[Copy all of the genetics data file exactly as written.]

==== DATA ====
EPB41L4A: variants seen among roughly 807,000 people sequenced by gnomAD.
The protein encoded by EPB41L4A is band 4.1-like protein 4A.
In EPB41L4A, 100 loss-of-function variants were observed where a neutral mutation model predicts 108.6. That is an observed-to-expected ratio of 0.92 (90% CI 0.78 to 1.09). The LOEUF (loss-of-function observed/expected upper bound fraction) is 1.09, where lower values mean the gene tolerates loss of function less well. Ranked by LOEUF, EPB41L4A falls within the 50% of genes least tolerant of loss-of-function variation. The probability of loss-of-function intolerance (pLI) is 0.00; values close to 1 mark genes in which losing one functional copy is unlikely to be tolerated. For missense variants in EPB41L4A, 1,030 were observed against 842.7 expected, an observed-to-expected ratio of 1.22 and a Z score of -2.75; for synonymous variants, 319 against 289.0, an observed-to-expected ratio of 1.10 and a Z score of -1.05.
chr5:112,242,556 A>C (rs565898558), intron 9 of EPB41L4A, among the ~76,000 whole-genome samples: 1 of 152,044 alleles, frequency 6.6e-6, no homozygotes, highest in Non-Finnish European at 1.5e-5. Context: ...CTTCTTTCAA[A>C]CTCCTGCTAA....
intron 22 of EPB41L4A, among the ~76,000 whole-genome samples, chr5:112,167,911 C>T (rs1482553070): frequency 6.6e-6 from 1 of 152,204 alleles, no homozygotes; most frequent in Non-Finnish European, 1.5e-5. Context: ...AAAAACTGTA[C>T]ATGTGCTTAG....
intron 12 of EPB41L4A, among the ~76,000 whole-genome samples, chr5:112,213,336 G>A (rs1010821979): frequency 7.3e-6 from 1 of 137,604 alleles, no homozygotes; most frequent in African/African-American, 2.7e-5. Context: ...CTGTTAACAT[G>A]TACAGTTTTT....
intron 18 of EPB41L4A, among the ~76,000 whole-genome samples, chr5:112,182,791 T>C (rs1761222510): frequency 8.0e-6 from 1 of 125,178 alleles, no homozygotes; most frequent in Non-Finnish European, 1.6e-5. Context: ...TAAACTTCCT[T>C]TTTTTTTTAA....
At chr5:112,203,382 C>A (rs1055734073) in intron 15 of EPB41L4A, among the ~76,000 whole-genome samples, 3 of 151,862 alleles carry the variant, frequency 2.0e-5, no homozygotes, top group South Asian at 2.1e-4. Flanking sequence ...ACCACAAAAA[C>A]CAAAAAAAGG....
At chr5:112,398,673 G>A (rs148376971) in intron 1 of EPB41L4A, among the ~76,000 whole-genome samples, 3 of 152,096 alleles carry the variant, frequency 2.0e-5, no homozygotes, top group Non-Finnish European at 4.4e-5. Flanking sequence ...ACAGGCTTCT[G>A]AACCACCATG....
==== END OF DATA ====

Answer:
EPB41L4A: variants seen among roughly 807,000 people sequenced by gnomAD.
The protein encoded by EPB41L4A is band 4.1-like protein 4A.
In EPB41L4A, 100 loss-of-function variants were observed where a neutral mutation model predicts 108.6. That is an observed-to-expected ratio of 0.92 (90% CI 0.78 to 1.09). The LOEUF (loss-of-function observed/expected upper bound fraction) is 1.09, where lower values mean the gene tolerates loss of function less well. Ranked by LOEUF, EPB41L4A falls within the 50% of genes least tolerant of loss-of-function variation. The probability of loss-of-function intolerance (pLI) is 0.00; values close to 1 mark genes in which losing one functional copy is unlikely to be tolerated. For missense variants in EPB41L4A, 1,030 were observed against 842.7 expected, an observed-to-expected ratio of 1.22 and a Z score of -2.75; for synonymous variants, 319 against 289.0, an observed-to-expected ratio of 1.10 and a Z score of -1.05.
chr5:112,242,556 A>C (rs565898558), intron 9 of EPB41L4A, among the ~76,000 whole-genome samples: 1 of 152,044 alleles, frequency 6.6e-6, no homozygotes, highest in Non-Finnish European at 1.5e-5. Context: ...CTTCTTTCAA[A>C]CTCCTGCTAA....
intron 22 of EPB41L4A, among the ~76,000 whole-genome samples, chr5:112,167,911 C>T (rs1482553070): frequency 6.6e-6 from 1 of 152,204 alleles, no homozygotes; most frequent in Non-Finnish European, 1.5e-5. Context: ...AAAAACTGTA[C>T]ATGTGCTTAG....
intron 12 of EPB41L4A, among the ~76,000 whole-genome samples, chr5:112,213,336 G>A (rs1010821979): frequency 7.3e-6 from 1 of 137,604 alleles, no homozygotes; most frequent in African/African-American, 2.7e-5. Context: ...CTGTTAACAT[G>A]TACAGTTTTT....
intron 18 of EPB41L4A, among the ~76,000 whole-genome samples, chr5:112,182,791 T>C (rs1761222510): frequency 8.0e-6 from 1 of 125,178 alleles, no homozygotes; most frequent in Non-Finnish European, 1.6e-5. Context: ...TAAACTTCCT[T>C]TTTTTTTTAA....
At chr5:112,203,382 C>A (rs1055734073) in intron 15 of EPB41L4A, among the ~76,000 whole-genome samples, 3 of 151,862 alleles carry the variant, frequency 2.0e-5, no homozygotes, top group South Asian at 2.1e-4. Flanking sequence ...ACCACAAAAA[C>A]CAAAAAAAGG....
At chr5:112,398,673 G>A (rs148376971) in intron 1 of EPB41L4A, among the ~76,000 whole-genome samples, 3 of 152,096 alleles carry the variant, frequency 2.0e-5, no homozygotes, top group Non-Finnish European at 4.4e-5. Flanking sequence ...ACAGGCTTCT[G>A]AACCACCATG....